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Set H065

Greek Warriors (Hoplites)

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All figures are supplied unpainted    (Numbers of each pose in brackets)
Date Released 2009
Contents 37 figures
Poses 13 poses
Material Plastic (Medium Consistency)
Colours Grey
Average Height 23.5 mm (= 1.7 m)


For the latter part of the Archaic and most of the Classical periods warfare in the various Greek city states was dominated by the hoplite. Literally meaning armed or armoured men, the hoplites were heavy infantry which formed up in a phalanx and moved as a single body to try and force the enemy from the field. For much of this time there seems to have been little or no light infantry, nor cavalry, so the hoplite has become synonymous with ancient Greek warfare. While hoplites famously faced Persian foes on numerous occasions, their most common opponent would have been other Greeks as the cities fought one another for supremacy.

The usual battle tactic was simple. The hoplites formed up, perhaps eight ranks deep, with shields at the ready and spears pointing forward. At a signal the body moved forward, and when within close range of the enemy would charge to contact. Frequently this imposing formation caused the enemy to flee before contact was even made, but if the two sides did meet then shields would be held to the front and both would attempt to push the other backward while using their spears to inflict casualties. Swords would then be drawn for what could become a confused melee as the battle was decided in multiple individual combats. When considering poses then we would expect to see a good many men walking forward steadily, with spear pointing forward either underarm, as would be the case while just manoeuvring, or overarm, when the fight was imminent or in progress. This set has just six spearman poses, of which the middle man in the second row is at ease while the middle man in the top row is on alert. These leaves four for the phalanx, none of which are carrying their spears underarm, which is a considerable disappointment as this ignores an important part of their drill. Three of these poses have the spear over their arm as if in contact with the enemy, although all seem to be standing still, and therefore have already clashed with their opponents. These poses are not particularly active (no one seems to be pushing), but to their credit they are at least holding their shield in front of them, as they certainly should. The fourth pose (the first man on the top row) looks suspiciously like he is trying to throw his spear, which was a rarity. Perhaps the kindest thing to say is he is facing a mounted opponent, but that too was a rarity in Greek warfare. In short then the spearmen leave a lot to be desired.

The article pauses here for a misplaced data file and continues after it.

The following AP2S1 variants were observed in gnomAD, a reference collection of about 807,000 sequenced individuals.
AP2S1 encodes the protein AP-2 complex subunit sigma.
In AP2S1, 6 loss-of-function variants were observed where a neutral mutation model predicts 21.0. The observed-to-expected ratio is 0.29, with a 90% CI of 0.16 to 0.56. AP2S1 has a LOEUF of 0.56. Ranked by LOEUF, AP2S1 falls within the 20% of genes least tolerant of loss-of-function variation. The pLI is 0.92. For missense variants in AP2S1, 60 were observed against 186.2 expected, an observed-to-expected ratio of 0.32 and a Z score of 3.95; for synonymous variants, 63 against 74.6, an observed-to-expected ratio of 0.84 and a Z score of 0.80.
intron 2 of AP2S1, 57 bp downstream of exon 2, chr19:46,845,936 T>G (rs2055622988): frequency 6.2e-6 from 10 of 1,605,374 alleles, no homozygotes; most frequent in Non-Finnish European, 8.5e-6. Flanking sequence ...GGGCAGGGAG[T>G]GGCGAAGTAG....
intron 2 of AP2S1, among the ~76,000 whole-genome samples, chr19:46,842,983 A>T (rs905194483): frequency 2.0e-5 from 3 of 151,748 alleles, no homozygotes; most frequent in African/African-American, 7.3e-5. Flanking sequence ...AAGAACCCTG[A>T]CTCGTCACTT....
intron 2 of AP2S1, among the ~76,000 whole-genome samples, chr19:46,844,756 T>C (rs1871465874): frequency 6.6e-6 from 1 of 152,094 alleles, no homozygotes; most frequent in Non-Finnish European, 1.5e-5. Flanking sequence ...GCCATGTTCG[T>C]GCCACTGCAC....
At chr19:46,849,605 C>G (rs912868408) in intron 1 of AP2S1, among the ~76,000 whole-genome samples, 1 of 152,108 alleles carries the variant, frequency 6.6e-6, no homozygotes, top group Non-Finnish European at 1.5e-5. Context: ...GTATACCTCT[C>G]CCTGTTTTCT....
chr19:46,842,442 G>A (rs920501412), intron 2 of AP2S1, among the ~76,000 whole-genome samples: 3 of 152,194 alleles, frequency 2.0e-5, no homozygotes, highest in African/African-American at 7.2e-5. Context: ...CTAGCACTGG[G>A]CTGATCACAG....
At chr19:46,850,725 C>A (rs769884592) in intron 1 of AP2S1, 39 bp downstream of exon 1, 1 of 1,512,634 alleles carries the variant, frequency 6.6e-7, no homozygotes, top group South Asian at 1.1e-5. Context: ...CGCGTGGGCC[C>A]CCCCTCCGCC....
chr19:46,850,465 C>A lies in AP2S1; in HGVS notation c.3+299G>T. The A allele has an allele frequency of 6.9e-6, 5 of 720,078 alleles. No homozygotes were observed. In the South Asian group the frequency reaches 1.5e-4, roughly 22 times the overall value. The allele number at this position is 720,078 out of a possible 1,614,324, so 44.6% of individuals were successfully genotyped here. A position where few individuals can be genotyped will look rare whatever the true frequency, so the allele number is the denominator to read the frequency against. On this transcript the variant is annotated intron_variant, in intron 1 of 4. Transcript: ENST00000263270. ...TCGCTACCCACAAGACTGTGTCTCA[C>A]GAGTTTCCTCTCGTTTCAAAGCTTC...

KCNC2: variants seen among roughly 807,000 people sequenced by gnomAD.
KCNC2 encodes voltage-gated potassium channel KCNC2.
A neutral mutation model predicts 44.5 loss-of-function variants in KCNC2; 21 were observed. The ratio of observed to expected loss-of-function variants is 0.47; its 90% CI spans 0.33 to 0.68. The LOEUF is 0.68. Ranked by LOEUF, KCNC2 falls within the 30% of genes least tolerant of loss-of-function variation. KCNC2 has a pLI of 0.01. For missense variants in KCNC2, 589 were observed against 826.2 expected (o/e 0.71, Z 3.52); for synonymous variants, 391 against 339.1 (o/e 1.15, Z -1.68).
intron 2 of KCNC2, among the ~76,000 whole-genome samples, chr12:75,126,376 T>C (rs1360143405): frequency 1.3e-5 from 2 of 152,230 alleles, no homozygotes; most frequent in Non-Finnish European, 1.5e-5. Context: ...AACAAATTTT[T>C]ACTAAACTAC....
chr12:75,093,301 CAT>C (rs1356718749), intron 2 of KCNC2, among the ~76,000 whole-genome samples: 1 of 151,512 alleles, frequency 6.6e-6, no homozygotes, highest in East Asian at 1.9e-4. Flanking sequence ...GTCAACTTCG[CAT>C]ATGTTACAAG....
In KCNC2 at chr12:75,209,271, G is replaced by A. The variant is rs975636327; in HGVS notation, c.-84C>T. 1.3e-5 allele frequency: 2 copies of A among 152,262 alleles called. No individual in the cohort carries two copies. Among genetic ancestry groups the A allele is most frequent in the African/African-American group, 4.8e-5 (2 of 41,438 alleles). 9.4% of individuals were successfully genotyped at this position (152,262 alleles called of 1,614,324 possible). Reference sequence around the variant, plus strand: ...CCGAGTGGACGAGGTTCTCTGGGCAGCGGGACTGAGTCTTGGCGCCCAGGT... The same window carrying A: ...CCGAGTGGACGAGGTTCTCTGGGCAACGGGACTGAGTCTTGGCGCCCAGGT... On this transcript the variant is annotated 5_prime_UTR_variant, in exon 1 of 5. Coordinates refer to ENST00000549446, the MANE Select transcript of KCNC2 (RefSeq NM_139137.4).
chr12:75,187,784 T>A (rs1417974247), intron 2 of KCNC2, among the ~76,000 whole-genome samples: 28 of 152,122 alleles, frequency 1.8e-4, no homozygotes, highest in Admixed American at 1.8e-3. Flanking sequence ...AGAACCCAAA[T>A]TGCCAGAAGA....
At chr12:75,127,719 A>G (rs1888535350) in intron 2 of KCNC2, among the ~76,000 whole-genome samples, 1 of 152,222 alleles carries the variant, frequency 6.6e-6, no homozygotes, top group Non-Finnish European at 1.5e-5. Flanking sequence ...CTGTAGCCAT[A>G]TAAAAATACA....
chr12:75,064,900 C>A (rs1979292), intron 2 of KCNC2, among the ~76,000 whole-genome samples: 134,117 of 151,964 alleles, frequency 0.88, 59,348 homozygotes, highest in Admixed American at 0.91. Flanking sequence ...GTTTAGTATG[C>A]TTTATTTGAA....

With only half the poses armed with the spear the rest must have the sword (although the first figure in the third row has a ring hand and so could have either). On the whole the swordsmen are much more animated and a good bunch of figures. The figure holding his shield well out behind him is rather strange but the rest are pretty good, with good positioning of sword and shield. The officer too is very nicely done, but in our view far too much emphasis has been placed on swordsmen, leaving too few spearmen poses to adequately form a typical phalanx.

Hoplites were not professional soldiers – none of the Greek states could afford that apart from Sparta, which as in so much else was an exception. Hoplites were normally just citizens called to military service as the need arose, and they were required to provide their own arms and armour, which were not cheap. As a result the exact look of hoplites was highly varied, with individual taste and wealth being the main deciders for the look of each man. Earlier a full metal cuirass had been common but during the classical period this expensive item gave way to cheaper alternatives, and only three soldier poses in this set have one. Sculpted to resemble the ideal male musculature, all three such cuirasses here are of the later style with the front extending down towards the groin rather than the earlier ‘bell’ type. As might be expected, the officer too has a muscle cuirass, and both his and those of his men are well done. For the rest, they wear the lighter and cheaper composite cuirass, which was made of layers of linen and might have metal plates within it but might only rely on the stiffened linen for protection, although some here have external metal scales. Again these look to be well done and entirely accurate, and we thought the balance between the numbers of each type of cuirass was well chosen.

Below all the cuirasses and covering the groin there are the pteruges, strips of material which offered some protection but still allowed relatively easy movement. All the men wear sandals, which is fine, and the only other item on the legs is the greave, which is on both legs of every figure. This is okay, and they have been properly realised here, but it implies the set is more for the earlier Classical period as greaves became less common later on.